LOG CABIN CHRONICLES

Locally, we could be more creative

Posted 06.17.13
FRED RYAN

SHAWVILLE, QUEBEC | Cultural tourism is something we have steadfastly refused to recognize, apart from a few efforts to catalogue historical, heritage, or religious buildings. The biggest element we've supported has been the Pontiac Artists' Studio Tour every June -- and it does attract visitors from outside. With non-existent tourism infrastructure, those visitors come for a day and then go home, or cross to Ontario to find lodging.

Cultural events and shows are considered one of Montreal's main attractions, and its infrastructure keeps the millions, yes, millions of visitors, in the city for days. They spend more, visit more sites, expositions, view shows, tours -- all leaving substantial funds behind. Ottawa is another powerhouse cultural destination.

We will never compete with Montreal or the national capital -- but why do we absolutely ignore this tourism opportunity?

We would not be starting from scratch. Pontiac already has a reputation for excellent artists and Ottawa Valley's music heritage is recognized across Canada. These are resources that cannot be built up in a couple of years. We have them already.

The first step is to identify cultural tourism as an important part of our economy -- and that means committed funding.

The artists themselves are working hard and sacrificing. Ten years ago, basically the same artists who had set up the Studio Tour (now duplicated across the country) launched a very ambitious project within cultural tourism -- the Pontiac School of the Arts.

Headquartered in the Stone School Gallery in Portage-du-Fort, the Pontiac School follows the model of the super-successful Haliburton School of the Arts, closer to Toronto. The Haliburton facility is known world wide, and has boosted the economy there, as well as arts and heritage.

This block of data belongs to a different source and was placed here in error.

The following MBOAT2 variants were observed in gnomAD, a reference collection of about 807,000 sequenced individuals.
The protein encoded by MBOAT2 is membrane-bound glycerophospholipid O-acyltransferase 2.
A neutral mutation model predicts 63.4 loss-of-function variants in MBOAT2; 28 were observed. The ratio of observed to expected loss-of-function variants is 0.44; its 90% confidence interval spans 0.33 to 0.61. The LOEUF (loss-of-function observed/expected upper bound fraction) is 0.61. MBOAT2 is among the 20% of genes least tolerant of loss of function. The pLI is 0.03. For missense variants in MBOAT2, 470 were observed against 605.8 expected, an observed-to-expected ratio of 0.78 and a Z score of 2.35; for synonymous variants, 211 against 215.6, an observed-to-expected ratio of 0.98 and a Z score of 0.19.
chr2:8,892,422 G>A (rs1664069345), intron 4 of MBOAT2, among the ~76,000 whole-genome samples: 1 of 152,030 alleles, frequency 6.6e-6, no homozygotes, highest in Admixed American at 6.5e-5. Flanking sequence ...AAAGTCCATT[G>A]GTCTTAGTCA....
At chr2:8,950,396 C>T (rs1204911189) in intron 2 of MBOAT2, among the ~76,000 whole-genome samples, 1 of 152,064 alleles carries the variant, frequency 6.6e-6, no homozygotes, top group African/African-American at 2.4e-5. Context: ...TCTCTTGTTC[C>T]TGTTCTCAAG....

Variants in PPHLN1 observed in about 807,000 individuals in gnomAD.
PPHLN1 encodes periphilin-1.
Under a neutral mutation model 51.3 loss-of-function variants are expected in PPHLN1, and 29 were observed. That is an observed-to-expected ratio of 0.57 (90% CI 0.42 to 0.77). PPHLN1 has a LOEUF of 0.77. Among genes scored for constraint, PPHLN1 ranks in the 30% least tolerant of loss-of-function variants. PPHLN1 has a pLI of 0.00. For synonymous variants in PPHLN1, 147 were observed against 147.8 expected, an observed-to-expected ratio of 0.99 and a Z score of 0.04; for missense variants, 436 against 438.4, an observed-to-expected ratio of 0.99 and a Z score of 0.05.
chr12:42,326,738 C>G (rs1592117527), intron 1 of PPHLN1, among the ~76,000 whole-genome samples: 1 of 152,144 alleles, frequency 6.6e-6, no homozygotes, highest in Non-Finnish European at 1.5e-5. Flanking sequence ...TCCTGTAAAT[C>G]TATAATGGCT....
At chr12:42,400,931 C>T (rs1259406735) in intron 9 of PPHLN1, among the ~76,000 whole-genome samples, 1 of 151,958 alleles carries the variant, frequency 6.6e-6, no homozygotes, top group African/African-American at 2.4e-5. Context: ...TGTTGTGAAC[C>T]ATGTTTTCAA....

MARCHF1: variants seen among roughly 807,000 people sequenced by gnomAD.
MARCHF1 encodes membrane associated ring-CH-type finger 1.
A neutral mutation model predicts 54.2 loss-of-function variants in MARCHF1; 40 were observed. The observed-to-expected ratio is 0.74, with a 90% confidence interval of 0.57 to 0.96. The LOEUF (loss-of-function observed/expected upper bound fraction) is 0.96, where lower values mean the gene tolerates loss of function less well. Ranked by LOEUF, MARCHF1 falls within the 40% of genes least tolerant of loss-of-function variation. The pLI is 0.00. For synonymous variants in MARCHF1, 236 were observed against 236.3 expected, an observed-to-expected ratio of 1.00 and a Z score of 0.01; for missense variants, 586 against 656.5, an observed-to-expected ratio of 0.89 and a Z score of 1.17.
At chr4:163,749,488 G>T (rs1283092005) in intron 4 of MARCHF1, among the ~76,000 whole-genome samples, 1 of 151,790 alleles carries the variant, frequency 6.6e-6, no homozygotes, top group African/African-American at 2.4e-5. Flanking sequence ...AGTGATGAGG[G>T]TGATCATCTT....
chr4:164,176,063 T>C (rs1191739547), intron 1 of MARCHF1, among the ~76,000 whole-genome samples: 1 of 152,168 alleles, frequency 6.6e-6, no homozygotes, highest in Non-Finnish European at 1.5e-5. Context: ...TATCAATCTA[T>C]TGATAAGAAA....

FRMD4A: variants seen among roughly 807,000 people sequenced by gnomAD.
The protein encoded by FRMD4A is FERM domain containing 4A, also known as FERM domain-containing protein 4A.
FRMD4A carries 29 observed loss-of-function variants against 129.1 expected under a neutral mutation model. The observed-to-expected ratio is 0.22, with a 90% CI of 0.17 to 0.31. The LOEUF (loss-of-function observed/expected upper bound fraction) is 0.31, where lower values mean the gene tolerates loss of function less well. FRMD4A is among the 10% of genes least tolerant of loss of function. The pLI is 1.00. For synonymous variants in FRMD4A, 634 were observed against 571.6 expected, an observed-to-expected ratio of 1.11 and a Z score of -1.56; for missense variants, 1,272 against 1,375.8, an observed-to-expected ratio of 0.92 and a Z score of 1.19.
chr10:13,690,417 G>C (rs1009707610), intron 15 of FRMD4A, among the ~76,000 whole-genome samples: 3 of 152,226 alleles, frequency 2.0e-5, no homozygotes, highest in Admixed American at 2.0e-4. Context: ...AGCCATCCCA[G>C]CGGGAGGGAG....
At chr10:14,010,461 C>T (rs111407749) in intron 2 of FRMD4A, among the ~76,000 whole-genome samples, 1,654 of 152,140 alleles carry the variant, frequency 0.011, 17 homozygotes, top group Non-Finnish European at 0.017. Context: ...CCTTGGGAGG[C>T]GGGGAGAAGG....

Pontiac's was an intelligent plan -- we have the resources (accomplished artists) and the attractive environment that fascinates visitors -- forests, farms, rivers, and lakes. And the School was, relatively, successful, considering the hurdles it faced and still faces -- sparse government, institutional; and corporate funding, reliance on volunteers, and the lack of supporting infrastructure (motels, billets, cafes, music venues).

Ten years later it is remarkable that the Pontiac School of the Arts continues, and it is a testimony to the artists themselves and all the volunteers (or those working on volunteer-sized salaries). But the other side of the coin is that these volunteers are exhausted, funding is exhausted, and cooperative ventures and promotional tools are no more forthcoming than ten years ago.

Folks, this may be one of our last years to profit from this very remarkable school in our midst. Now is the time to use it, if you've ever thought about sending a child or grandchild, or taking a course to increase your skill level or explore an entirely new field of self-expression.

Facilities like this are very rare -- even in the la-de-dash cities. Pontiac has highly skilled resident artists, has a stunning environment, even the Old Stone School building is rare and valuable, as is Coronation Hall, another art school site. The close contact with artists, the daily immersion in our landscape, these are not available in cities.

But if we and other Pontiac families do not promote and patronize the Pontiac School of the Arts, can we expect outsiders to do so? If we don't talk it up, how will the word get out to the wide population?

We can't keep waiting for un-interested governments to solve our problems. We can step up to the plate, you and I and our grandkids! It's all here: artpontiac.com.

john@johnmahoney.com




Copyright © 2014 Fred Ryan/Log Cabin Chronicles/06.14